The Trump administration recently proposed a one-year extension to the New START agreement, which expires in February 2021, but must be accompanied by the imposition of broader restrictions on US and Russian nuclear warheads. This requirement will cover warheads not restricted by the New START agreement.
However, the President of Russia Vladimir Putin came up with a new proposal namely extending the New START agreement unconditionally.(Also read: Putin proposes the New START agreement to be extended by one year)
This proposal was rejected by President Donald Trump’s national security adviser, Robert O’Brien. He even advised the Russians to rethink their attitude before an expensive arms race took place.
In a written statement, O’Brien said the US approach would be a win for both sides, and he thought Russia was willing to accept this proposal when it met them in Geneva on October 2.
“President Putin’s response today to extend New START without freezing nuclear warheads is not an easy one,” said O’Brien.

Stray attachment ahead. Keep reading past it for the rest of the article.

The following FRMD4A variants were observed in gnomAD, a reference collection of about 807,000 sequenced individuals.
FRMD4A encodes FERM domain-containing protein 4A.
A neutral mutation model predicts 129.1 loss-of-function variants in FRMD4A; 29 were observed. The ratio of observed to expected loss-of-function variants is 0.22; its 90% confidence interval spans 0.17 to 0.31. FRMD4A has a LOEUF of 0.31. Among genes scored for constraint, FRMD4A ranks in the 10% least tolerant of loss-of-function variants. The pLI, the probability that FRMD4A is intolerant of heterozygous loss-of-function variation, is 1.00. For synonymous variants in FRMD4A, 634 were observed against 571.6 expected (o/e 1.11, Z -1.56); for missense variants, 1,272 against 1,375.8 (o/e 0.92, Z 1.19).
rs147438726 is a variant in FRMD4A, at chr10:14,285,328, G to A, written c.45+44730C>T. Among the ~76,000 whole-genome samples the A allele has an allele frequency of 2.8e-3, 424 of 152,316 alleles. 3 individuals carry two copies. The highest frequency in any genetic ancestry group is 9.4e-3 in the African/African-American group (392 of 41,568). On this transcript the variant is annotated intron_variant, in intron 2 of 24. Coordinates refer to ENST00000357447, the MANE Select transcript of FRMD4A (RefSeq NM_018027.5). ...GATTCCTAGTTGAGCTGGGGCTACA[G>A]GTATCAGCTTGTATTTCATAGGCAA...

“The United States is serious about arms control that will keep the world safe. We hope Russia will re-evaluate its position before an expensive arms race occurs, “he continued as quoted by the Associated Press, Saturday (17/10/2020).
But a different statement was made by the arms control association’s executive director, Daryl Kimball. In an interview, Kimball said he hoped Trump would accept Putin’s offer of an unconditional extension of the short-term agreement, given New START’s near-end in early February.
“We are in the 11th hour now, and we urge President Trump to accept a yes,” said Kimball, adding that he believed this would attract broad bipartisan support in the US.
While Putin offers to extend New START as is, the US wants a broader temporary freeze on all nuclear warheads, including battlefield nuclear weapons not covered by the treaty, which only limits strategic nuclear arsenal. Moscow said it could not accept the request.(Also read: If Russia Freezes Nuclear Weapons, the US Is Ready to Extend the START Treaty)
The New START agreement was signed in 2010 by President Barack Obama and Russian President Dmitry Medvedev. The pact limits each country to no more than 1,550 nuclear warheads deployed and 700 missiles and bombs deployed, and on-site inspections to verify compliance with the deal.
After Moscow and Washington withdrew from the 1987 Intermediate-Range Nuclear Armament Treaty last year, New START is the only nuclear weapons control agreement between the two countries that is still in effect.(Watch video: World Bank Statement on Labor Law)